Thursday, February 28, 2008

Dork Implosion

I have recently been exploring the correlation of food web reorganization and behavioral changes across the Permian-Triassic boundary as a side project. I wanted to give yall the heads-up on my new publication that's coming out in The Journal of Wizarding Ecology entitled "Grindylows: from Paleozoic Pests to Modern Monsters". Here's a sneak peak!

So far my research shows that grindylow population spikes are positively correlated with dinoflagellate blooms. These bioluminescent blooms are caused by nutrient supersaturation that promotes dinoflagellate sexual reproduction. Grindlows feed off the dinoflagellates - they use their sets of small, sharp teeth for straining out the planktonic matter. They also feed off of fish, and the increase in marine fauna death associated with red tides is actually driven by grindylow feeding frenzies. Part of the warnings about the toxic dangers of red tides is artfully laid propaganda to help keep the International Statute of Secrecy and is regulated by the Department for the Regulation and Control of Magical Creatures.

However, the main quandary is the evolutionary history of the gridylowidae before the Triassic, when dinoflagellate cysts first enter the rock record. This is where the research gets interesting. The reigning paradigm insists that pre-Triassic (i.e. Paleozoic) gridylowidae taxa represent a ghost lineage - these organisms existed in the ocean, but were not preserved. Taphonomic biases have pointed towards the lack of reproductive cysts before the Triassic yet presence of the actual dinoflagellate organisms; the cysts are what are actually preserved in the rock record.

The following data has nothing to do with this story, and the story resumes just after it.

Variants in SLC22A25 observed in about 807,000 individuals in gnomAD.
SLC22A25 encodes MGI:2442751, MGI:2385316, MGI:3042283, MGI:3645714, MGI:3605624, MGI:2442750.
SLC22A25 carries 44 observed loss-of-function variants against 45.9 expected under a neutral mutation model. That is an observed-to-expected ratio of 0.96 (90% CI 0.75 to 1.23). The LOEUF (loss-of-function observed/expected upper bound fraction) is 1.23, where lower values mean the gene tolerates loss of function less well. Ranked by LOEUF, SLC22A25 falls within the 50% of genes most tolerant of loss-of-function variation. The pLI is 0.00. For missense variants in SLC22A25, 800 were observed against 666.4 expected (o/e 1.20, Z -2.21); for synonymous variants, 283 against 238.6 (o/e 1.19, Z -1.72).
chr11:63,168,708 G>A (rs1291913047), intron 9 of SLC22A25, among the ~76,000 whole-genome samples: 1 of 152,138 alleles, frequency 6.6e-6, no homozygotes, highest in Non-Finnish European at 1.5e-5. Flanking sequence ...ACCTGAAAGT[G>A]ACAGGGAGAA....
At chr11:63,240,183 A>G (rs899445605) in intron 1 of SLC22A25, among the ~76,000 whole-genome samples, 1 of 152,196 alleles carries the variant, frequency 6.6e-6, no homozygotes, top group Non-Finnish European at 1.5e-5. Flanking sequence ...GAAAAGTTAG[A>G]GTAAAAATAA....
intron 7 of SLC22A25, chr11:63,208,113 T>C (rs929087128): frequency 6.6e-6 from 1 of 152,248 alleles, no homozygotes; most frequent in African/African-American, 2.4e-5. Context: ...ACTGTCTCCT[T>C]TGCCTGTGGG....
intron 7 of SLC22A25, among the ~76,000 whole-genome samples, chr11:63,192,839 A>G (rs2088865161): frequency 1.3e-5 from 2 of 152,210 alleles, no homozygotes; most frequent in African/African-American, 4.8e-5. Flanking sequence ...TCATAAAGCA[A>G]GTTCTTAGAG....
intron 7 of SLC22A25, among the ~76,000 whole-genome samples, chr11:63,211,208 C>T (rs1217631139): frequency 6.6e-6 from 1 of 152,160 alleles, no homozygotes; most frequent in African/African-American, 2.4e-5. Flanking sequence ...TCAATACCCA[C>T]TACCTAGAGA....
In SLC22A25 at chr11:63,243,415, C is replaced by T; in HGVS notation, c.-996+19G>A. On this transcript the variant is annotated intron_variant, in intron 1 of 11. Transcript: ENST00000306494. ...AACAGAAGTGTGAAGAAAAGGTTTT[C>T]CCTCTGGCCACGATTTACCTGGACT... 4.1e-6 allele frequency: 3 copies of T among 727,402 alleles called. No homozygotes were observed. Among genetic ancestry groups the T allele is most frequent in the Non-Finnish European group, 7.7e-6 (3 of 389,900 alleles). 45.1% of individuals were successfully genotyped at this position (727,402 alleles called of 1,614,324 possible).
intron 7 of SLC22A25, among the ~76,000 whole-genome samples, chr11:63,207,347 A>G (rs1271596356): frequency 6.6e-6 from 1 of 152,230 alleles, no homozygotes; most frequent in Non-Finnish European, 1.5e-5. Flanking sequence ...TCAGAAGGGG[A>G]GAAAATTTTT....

My hypothesis challenges this paradigm. While the claim that "absence of evidence isn't evidence of absence" is a valid working hypothesis at this point, my research suggests that dinoflagellates did not evolve until the Early Triassic, and their absence in the Paleozoic rock record is a true signal of absence. Isotope and trace element geochemistry reveals no remnants of dinoflagellate biomolecules, cysts, or signs oceanic productivity.

Therefore, the Paleozoic to post-Paleozoic behavioral transition is correlated with a change in food web structure (e.g., a change in grindylow diet). The Permian-Triassic boundary does mark the largest extinction event known in Earth's history, where approximately 95% of life went extinct. Ecosystem reorganization would be mandatory for the survival of organisms across this extinction event. In accordance with my new hypothesis, the P-T extinction event drove a grindylow dietary change, which then drove a behavioral change. The opening of niches in post-extinction ecosystems spurred the evolution and radiation of dinoflagellates, which became one of the major dietary constituents of the grindylow diet.

The next questions that must be asked in accordance with this research are what grindylows were consuming before dinoflagellate evolution; and why this dietary shift escalated grindylow behavioral problems. Preliminary research suggests that chemical changes in the gridylow diet caused behavioral changes. A change from a silica-based diet to organisms with the chemical composition of dinoflagellates could account for behavioral discrepancies.

Wednesday, February 27, 2008

Commence Rambling